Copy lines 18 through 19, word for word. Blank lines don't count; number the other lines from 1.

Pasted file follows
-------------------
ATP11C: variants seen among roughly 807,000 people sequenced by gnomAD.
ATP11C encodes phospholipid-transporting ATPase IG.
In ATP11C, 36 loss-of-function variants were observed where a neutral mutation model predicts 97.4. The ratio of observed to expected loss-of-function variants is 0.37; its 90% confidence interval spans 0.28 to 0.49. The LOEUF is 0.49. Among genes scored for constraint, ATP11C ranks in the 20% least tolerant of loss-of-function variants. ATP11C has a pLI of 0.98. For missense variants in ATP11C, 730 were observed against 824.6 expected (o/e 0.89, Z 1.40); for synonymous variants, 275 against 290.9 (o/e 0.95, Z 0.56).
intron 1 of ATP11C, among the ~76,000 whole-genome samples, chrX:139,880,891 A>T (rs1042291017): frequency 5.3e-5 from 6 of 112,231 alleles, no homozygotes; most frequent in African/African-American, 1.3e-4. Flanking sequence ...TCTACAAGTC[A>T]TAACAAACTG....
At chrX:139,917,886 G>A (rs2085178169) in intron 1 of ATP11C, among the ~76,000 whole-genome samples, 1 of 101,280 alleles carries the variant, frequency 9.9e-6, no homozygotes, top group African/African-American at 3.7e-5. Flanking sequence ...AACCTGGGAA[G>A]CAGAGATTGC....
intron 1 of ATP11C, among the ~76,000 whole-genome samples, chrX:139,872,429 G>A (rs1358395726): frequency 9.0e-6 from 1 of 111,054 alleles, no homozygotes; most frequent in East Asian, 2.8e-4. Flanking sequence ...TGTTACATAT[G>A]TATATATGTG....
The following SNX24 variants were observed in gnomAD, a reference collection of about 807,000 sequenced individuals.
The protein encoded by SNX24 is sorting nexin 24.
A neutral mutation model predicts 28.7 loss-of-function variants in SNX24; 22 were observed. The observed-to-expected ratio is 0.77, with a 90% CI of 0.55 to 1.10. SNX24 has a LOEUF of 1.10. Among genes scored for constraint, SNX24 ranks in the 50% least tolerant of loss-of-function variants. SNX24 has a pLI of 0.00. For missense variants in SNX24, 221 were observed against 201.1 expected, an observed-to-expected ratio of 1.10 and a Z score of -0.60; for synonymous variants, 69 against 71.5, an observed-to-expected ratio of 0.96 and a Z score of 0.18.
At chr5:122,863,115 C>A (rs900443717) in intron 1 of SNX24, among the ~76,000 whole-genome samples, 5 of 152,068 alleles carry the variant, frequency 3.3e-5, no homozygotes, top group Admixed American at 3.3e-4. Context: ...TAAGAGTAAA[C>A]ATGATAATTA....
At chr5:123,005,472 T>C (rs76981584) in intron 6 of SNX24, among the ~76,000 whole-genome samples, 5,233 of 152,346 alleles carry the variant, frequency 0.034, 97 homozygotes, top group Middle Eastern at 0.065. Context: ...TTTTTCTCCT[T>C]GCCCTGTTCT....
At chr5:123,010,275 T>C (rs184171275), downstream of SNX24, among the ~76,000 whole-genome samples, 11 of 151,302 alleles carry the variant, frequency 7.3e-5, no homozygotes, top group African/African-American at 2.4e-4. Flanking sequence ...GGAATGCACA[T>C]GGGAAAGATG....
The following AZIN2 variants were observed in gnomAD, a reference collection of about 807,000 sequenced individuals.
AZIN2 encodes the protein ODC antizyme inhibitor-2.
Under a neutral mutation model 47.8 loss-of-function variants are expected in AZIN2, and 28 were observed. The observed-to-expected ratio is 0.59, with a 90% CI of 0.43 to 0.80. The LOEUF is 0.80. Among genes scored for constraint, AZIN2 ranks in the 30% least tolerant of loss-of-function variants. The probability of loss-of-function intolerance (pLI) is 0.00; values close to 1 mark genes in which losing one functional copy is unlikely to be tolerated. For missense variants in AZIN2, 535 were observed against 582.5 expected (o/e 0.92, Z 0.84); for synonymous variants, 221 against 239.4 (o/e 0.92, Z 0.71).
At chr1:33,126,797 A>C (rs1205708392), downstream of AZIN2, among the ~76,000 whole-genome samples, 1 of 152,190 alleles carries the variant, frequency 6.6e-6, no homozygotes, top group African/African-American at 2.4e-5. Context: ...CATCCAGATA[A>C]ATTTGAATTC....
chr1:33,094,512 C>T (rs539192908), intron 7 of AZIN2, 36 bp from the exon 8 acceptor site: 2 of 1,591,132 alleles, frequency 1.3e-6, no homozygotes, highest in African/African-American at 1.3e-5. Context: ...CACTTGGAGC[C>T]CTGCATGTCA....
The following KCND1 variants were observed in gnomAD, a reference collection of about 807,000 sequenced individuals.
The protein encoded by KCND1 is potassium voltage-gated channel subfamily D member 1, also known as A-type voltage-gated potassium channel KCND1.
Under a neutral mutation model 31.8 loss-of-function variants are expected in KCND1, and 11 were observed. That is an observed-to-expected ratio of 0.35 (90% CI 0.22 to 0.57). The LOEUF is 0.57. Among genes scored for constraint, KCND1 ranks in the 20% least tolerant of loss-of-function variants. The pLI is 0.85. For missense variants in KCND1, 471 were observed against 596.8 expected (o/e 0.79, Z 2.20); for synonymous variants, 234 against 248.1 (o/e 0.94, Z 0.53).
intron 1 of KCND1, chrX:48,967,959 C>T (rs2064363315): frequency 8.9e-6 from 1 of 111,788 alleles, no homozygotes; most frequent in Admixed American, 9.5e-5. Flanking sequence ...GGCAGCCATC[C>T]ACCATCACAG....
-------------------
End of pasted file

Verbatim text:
The following KCND1 variants were observed in gnomAD, a reference collection of about 807,000 sequenced individuals.
The protein encoded by KCND1 is potassium voltage-gated channel subfamily D member 1, also known as A-type voltage-gated potassium channel KCND1.